Population Differential Equations and Laplace Transform

Malthus Model
\displaystyle \frac{dN}{dt}=BN-DN=kN

N: Total population

B: Birth-rate per capita

D: Death-rate per capita

k=B-D

Solution to D.E.:
\displaystyle \boxed{N(t)=\widehat{N}e^{kt}},

where \widehat{N}=N(0).

Logistic Equation
\begin{aligned}  D&=sN\\  \frac{dN}{dt}&=BN-sN^2\\  \widehat{N}&=N(0)\\  N_\infty&=B/s  \end{aligned}

Logistic Case 1: Increasing population (\widehat{N}<N_\infty)
\begin{aligned}  N(t)&=\frac{B}{s+(\frac{B}{\widehat{N}}-s)e^{-Bt}}\\  &=\frac{N_\infty}{1+(\frac{N_\infty}{\widehat{N}}-1)e^{-Bt}}  \end{aligned}

The second expression can be derived from the first: divide by s in both the numerator and denominator.

Logistic Case 2: Decreasing population (\widehat{N}>N_\infty)
\begin{aligned}  N(t)&=\frac{B}{s-(s-\frac{B}{\widehat{N}})e^{-Bt}}\\  &=\frac{N_\infty}{1-(1-\frac{N_\infty}{\widehat{N}})e^{-Bt}}  \end{aligned}

Logistic Case 3: Constant population (\widehat{N}=N_\infty)
\displaystyle N(t)=N_\infty

Harvesting
Basic Harvesting Model: \displaystyle \boxed{\frac{dN}{dt}=(B-sN)N-E}.

E: Harvest rate (Amount harvested per unit time)

Maximum harvest rate without causing extinction: \boxed{\dfrac{B^2}{4s}}.

\displaystyle \boxed{\beta_1,\beta_2=\frac{B\mp\sqrt{B^2-4Es}}{2s}}.

\beta_1: Unstable equilibrium population

\beta_2: Stable equilibrium population

Extinction Time: \displaystyle \boxed{T=\int_{\widehat{N}}^0\frac{dN}{N(B-sN)-E}}.

Laplace transform of f
\displaystyle F(s)=L(f)=\int_0^\infty e^{-st}f(t)\,dt

Tip: Use this equation when the questions contains the words “show from the definition”.

Inverse transform of F(s)
\displaystyle f(t)=L^{-1}(F(s))

Linearity
\begin{aligned}  L(af(t)+bg(t))&=aL(f)+bL(g)\\  L^{-1}(aF(s)+bG(s))&=aL^{-1}(F)+bL^{-1}(g)  \end{aligned}

List of common Laplace Transforms

\begin{aligned}  L(e^{at})&=\frac{1}{s-a}\\  L(1)&=\frac{1}{s}\\  L(\cos wt)&=\frac{s}{s^2+w^2}\\  L(\sin wt)&=\frac{w}{s^2+w^2}\\  L(t^n)&=\frac{n!}{s^{n+1}}\\  L(f')&=sL(f)-f(0)\\  L(f'')&=s^2L(f)-sf(0)-f'(0)\\  L(f^{(n)})&=s^nL(f)-s^{n-1}f(0)\\  &\quad -s^{n-2}f'(0)-\dots-f^{(n-1)}(0)\\  L\left(\int_0^t f(\tau)\,d\tau\right)&=\frac{1}{s}L(f)  \end{aligned}

s-shifting
If L(f)=F(s), s>a, then \displaystyle \boxed{L(e^{ct}f(t))=F(s-c)},
s-c>a.

Tip: Use this when doing Laplace Transform of a function with an exponential factor e^{ct}. Note that the reverse direction can sometimes be used as well: \displaystyle L^{-1}[F(s-c)]=e^{ct}f(t).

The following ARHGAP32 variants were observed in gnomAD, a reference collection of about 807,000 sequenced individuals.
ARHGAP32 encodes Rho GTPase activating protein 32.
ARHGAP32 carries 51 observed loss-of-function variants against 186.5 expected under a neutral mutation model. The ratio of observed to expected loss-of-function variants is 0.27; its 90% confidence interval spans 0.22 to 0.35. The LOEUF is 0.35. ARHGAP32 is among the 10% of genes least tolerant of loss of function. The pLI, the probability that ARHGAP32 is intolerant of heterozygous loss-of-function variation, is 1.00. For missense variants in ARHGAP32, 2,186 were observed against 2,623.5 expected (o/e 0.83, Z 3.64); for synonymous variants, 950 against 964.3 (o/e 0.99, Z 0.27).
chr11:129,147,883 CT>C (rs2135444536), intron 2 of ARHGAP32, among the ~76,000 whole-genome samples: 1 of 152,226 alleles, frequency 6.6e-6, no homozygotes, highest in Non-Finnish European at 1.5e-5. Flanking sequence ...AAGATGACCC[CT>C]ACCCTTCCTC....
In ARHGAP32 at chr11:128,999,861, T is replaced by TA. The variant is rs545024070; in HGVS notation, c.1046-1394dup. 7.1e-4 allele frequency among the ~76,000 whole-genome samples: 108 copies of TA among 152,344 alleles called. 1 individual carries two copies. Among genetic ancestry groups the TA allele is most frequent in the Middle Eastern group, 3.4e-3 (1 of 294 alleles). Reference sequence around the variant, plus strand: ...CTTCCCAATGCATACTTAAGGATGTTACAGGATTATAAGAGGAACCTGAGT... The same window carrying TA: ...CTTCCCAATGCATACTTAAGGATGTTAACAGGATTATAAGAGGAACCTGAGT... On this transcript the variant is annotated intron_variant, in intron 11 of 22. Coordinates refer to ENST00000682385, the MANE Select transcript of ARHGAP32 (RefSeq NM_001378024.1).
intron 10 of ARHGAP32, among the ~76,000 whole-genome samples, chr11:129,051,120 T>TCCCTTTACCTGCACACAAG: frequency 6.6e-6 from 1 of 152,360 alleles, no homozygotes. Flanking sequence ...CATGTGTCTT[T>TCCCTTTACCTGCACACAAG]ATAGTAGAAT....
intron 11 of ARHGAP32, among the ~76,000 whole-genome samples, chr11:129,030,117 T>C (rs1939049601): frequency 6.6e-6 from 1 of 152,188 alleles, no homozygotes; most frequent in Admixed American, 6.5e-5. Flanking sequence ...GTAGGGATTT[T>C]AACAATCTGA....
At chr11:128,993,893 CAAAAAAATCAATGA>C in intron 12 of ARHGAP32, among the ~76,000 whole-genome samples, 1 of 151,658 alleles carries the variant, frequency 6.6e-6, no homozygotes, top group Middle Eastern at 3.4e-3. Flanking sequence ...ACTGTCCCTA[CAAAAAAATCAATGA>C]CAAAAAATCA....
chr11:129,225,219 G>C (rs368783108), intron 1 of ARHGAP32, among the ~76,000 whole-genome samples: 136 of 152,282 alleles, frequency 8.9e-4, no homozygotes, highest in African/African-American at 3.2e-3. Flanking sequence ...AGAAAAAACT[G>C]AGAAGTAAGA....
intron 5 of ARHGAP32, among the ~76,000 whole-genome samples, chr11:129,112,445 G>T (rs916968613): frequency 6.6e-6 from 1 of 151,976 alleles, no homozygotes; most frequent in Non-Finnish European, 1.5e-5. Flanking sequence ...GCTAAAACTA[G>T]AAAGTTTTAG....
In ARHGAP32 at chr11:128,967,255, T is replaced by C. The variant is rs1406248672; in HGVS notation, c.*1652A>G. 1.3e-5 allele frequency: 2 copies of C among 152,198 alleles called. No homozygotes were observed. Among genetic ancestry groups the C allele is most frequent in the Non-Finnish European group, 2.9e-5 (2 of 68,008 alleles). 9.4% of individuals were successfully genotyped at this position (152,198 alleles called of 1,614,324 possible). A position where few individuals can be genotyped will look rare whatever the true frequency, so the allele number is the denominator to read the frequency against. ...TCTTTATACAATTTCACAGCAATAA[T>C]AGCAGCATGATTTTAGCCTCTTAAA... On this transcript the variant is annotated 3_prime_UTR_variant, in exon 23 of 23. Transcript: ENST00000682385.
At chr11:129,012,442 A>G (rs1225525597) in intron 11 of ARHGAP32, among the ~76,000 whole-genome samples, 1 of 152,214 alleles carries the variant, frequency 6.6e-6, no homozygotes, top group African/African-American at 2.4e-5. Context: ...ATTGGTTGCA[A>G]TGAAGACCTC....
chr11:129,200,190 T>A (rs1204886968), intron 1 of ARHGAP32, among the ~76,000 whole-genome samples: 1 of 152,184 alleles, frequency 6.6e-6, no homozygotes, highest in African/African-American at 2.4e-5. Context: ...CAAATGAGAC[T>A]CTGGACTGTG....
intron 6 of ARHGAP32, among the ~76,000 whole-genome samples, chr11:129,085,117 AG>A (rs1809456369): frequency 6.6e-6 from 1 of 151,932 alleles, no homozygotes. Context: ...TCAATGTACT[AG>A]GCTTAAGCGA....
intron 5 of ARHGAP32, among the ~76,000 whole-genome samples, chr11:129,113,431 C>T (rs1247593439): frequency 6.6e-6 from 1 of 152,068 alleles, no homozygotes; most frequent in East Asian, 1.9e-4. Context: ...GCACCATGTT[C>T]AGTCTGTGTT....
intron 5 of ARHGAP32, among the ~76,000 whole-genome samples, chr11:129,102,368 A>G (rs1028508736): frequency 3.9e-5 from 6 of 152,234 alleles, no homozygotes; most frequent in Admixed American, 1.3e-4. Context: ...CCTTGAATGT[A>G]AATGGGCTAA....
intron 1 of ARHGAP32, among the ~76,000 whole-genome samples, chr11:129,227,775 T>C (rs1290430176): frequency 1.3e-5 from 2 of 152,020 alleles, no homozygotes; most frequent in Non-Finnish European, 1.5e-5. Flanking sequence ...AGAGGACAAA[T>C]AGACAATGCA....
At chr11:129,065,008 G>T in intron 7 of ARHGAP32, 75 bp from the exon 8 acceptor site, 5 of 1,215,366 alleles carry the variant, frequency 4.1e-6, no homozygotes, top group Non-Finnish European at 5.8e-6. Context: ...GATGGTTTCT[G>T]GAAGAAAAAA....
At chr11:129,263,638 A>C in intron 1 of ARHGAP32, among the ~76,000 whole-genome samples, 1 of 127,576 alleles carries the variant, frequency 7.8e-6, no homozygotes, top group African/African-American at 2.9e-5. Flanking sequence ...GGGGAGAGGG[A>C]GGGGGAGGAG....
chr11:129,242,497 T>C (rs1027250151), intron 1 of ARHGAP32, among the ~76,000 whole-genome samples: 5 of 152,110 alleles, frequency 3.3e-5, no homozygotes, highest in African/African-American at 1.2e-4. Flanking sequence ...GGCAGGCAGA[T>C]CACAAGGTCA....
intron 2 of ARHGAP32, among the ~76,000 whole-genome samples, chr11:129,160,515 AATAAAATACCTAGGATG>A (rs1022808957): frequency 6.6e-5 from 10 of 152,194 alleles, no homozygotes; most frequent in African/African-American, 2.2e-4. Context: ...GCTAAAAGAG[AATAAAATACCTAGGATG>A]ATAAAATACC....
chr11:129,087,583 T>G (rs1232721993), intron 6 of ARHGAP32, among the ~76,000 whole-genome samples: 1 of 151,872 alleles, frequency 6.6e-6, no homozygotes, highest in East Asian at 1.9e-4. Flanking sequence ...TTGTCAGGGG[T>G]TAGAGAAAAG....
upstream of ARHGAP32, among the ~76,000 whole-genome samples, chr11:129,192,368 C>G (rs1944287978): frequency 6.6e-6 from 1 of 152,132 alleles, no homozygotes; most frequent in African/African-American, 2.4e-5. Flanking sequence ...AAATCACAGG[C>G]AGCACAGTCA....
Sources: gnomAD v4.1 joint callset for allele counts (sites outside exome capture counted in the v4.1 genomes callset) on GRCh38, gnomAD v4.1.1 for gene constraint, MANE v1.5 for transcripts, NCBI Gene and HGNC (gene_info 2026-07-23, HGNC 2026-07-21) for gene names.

t-shifting
If L(f(t))=F(s), then \displaystyle \boxed{L(f(t-a)u(t-a))=e^{-as}F(s)}.

Tip: Frequently, we use the reverse direction \displaystyle L^{-1}[e^{-as}F(s)]=f(t-a)u(t-a).

Delta function
\delta(t): infinitely tall and narrow spike at t=0.

\delta(t-a): infinitely tall and narrow spike at t=a.

\boxed{L[\delta(t-a)]=e^{-as}}

Two properties of delta function
\begin{aligned}  \int_0^\infty\delta(t-a)\,dt&=1\\  \int_0^\infty \delta(t-a)g(t)\,dt&=g(a)  \end{aligned}
for a\geq 0.

Tip: Use delta function when the keywords “suddenly”, “burst”, etc. appear.

Unit step function
\displaystyle u(t-a)=\begin{cases}  0, &t<a\\  1, &t>a.  \end{cases}

For 0<a<b, \displaystyle u(t-a)-u(t-b)=\begin{cases}  0, &t<a\\  1, &a<t<b\\  0, &t>b.  \end{cases}

Tip: Use unit step function for questions that require a force to “switch on / switch off” at certain times.

\displaystyle \boxed{L(u(t-a))=\frac{e^{-as}}{s}}

Linear System of Differential Equations, Solutions, Phase Portrait Sketching

Solutions of Homogeneous Linear System of DE
\displaystyle \mathbf{y}'=\mathbf{A}\mathbf{y}
\displaystyle \mathbf{y}(t)=\mathbf{v}e^{rt}
where r and \mathbf{v} are eigenvalue and eigenvector for \mathbf{A} respectively.

Superposition Principle
If \mathbf{x_1}(t) and \mathbf{x_2}(t) are two solutions to a homogeneous SDE \mathbf{y'}=\mathbf{Ay}, then \displaystyle \mathbf{y}=c_1\mathbf{x_1}(t)+c_2\mathbf{x_2}(t) is also a solution for any scalars c_1, c_2.

Euler’s formula
\displaystyle e^{i\theta}=\cos\theta+i\sin\theta

General Solutions (Complex Eigenvalues)

1) Let r_1=a+bi be an eigenvalue corresponding to eigenvector \mathbf{v_1}. (The eigenvectors are complex conjugates: \mathbf{v_1,v_2}=\mathbf{p}\pm \mathbf{q} i.)
2) Construct
\displaystyle \mathbf{x}_\text{Re}(t)=e^{at}(\mathbf{p}\cos bt-\mathbf{q}\sin bt)
\displaystyle \mathbf{x}_\text{Im}(t)=e^{at}(\mathbf{p}\sin bt+\mathbf{q}\cos bt)
3) The general solution is \displaystyle \mathbf{y}=c_1\mathbf{x}_\text{Re}(t)+c_2\mathbf{x}_\text{Im}(t).

How to Sketch Phase Portrait

Probably the best video on how to sketch Phase Portrait:

US “Common Core” Math gets a bit too convoluted

How would you solve 427-316?

Most people educated in the past would simply use the usual subtraction working to arrive at the answer of 111.

But lately, in the USA, the Common Core Math approach gets very complicated and teaches an approach that even the father who has a “Bachelor of Science Degree in Electronics Engineering, which included extensive study in differential equations and other higher math applications” cannot explain it, nor get the answer correct.

common core

See also the Common Core method of adding 26+17:common core addition

common-core-number-bonds

Is it really necessary to use “number bonds” to “skip-count by seven” to add 7+7?

I agree with the father above that in Maths, “simplification is valued over complication”. This is why I always teach the easiest to understand method and the shortest method to solve questions to my students. No point using a complicated method when a shorter and simpler method can give the same answer!